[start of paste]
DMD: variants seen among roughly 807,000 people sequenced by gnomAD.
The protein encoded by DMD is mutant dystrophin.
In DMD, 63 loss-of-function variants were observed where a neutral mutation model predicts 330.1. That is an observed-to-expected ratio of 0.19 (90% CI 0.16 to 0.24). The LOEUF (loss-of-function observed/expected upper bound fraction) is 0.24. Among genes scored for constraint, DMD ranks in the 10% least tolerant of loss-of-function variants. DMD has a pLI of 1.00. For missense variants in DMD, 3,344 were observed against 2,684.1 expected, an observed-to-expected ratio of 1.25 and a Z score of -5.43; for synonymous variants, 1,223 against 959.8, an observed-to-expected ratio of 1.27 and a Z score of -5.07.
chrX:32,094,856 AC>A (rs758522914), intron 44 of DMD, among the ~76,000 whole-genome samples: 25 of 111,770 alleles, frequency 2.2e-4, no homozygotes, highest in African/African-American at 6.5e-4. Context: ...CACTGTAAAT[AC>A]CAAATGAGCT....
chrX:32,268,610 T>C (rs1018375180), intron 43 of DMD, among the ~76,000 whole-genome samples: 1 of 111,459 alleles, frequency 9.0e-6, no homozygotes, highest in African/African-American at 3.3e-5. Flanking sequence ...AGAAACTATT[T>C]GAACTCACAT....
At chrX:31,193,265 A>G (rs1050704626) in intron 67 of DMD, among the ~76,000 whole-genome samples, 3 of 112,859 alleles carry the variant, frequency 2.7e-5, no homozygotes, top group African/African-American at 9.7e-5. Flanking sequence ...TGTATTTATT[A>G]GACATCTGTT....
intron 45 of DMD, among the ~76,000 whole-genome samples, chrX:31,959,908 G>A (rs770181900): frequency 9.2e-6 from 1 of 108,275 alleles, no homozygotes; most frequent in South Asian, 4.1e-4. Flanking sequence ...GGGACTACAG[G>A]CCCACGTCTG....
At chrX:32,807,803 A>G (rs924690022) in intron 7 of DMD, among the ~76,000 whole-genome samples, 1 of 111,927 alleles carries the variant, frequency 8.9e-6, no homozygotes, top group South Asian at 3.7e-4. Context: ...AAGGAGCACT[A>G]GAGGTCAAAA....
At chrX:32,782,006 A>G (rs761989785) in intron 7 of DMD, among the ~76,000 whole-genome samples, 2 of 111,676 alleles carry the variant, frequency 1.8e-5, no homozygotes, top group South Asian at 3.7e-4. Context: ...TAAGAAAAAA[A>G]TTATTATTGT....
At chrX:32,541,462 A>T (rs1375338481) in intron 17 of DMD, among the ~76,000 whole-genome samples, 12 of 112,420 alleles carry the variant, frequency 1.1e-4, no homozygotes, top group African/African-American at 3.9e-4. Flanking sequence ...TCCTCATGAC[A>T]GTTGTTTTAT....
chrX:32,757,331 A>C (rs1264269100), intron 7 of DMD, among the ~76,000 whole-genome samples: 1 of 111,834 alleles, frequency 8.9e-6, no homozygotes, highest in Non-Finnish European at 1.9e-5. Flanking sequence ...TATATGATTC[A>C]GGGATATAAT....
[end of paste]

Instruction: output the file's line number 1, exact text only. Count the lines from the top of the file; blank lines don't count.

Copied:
DMD: variants seen among roughly 807,000 people sequenced by gnomAD.